For tourists, South Africa is as safe as any other destination in the world. South Africa boasts a vast array of cultures, communities, sites and attractions. Most parts of the country can be safely visited by tourists provided they take basic common-sense precautions (for example, not walking alone in deserted areas at night and being circumspect about how much photographic equipment or flashy jewelry you carry. Most of the crime that takes place in South Africa is between people who know each other and random acts of violence are the minority of cases. Most major cities run organized crime prevention programs. Basic Safety Tip Guidelines will be available at hotels and tourism information offices. If you are in doubt as to the safety of a particular area or attraction, contact the National Tourist Information & Safety Hotline on 083 123 2345. This number may also be used for practical assistance in replacing lost documents or reporting incidents.



Visitors who are entering South Africa from a yellow fever zone must have a valid international yellow fever inoculation certificate. Only infants under the age of one year are exempt. Immunization against cholera & small pox are not required and no other vaccinations are required when visiting South Africa. 

Note:  If you are departing from Hongkong – please consult the TRAVEL MEDICAL CENTRE either in Wanchai or Kowloon 

For consultation and have the vaccination. 



Malaria is found only in the Lowveld of Mpumalanga and Limpopo on the Maputaland cost of KwaZulu-Natal. Malaria is not much of a risk in winter months. Although the incidence of malaria is rare, it would be best to take adequate precautions if you choose to visit these areas.  

The government has embarked on an extensive anti-malaria program (in co-operation with Swaziland & Mozambique) and the incidence of malaria is decreasing. One reassuring thing about malaria is that there is absolutely no way at all that you can contract it unless an infected mosquito has bitten you. With modern, insect repellants and common sense, one can reduce the chances of being bitten to close to zero. The cheapest, safest and most effective measures against malaria are physical barriers such as a mosquito net and the good use of insect repellants. If you decide to take malaria prophylaxis, it is essential that they take the drugs according to the directions on the package insert. You will need to start a week or two before entering a malaria-endemic area and should continue taking the drugs for four weeks after leaving the malaria risk area. It is advisable to consult a medical professional before embarking on a course of malaria prophylaxis. Note that expectant mothers should avoid malaria medications.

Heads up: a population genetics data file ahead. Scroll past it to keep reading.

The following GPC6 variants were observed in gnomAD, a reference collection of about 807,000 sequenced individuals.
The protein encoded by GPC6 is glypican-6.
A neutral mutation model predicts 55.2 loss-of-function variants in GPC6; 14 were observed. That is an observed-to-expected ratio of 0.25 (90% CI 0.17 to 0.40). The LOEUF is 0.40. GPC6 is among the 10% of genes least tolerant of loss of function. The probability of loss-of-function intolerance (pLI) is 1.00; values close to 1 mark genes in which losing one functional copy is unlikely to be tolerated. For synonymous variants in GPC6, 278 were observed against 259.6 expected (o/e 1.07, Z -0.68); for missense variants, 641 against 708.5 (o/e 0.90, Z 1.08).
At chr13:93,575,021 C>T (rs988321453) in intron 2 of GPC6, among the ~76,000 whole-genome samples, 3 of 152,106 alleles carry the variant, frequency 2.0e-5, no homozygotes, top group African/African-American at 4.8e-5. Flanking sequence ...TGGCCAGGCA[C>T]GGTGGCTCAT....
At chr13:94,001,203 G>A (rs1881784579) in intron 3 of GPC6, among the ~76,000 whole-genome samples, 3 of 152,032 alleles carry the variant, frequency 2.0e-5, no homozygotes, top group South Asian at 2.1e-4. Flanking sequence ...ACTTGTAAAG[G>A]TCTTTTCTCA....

Tap water in South Africa is safe to drink as it is treated and is free of harmful microorganisms. In hotels, restaurants and night pots, the standards of hygiene and food preparation are top notch. It is safe to eat fresh fruit and salads and to put as much ice as you like in your drinks – a good thing, too, after a day on the beach or in the bush.



The Transport infrastructure is excellent and the roads are in good condition. However, the distances between towns are significant. So if you’re planning to self-drive, it is a good idea to plan your itinerary to ensure that you don’t drive long distances at a time, as fatigue is the major cause of road accidents. Also, avoid long car journeys that necessitate driving at night. In some remote areas, the roads are not fenced so there may be stray animals on the road – this is very dangerous at night. 




Tipping is considered as part of your guide’s income and depending on how satisfied you are with their service. Suggested US$ 3 per person per day traveling with a group and US$6 per person per day tipping for driver and the local guide(s) by traveling in a private tour.



All land arrangements within South Africa are solely at the discretion of our land operators who control the final scheduling of sightseeing programs based on current situation of the day or period like weather, traffic condition etc…….   

Those situations are not under our control and cannot be held responsible for sudden changes.

Terms & Conditions are based on our website :



It’s absolutely essential to have adequate travel insurance covered, especially for the purposes of flight cancellation, delay or any other incidental cases occurred during the trip and to enjoy the journey with a peaceful mind.  

Take the travel insurance that meets your needs and understand its coverage 





If you are traveling from Hongkong and would like to know more about the outbound

Travel alert please explore the website:

If you are a Hongkong Resident holding a valid HKID card and have register a MyGovHK account, 

you can use the ROTI which is free of charge.  Or explore the website to register.


For more information about South Africa, please visit or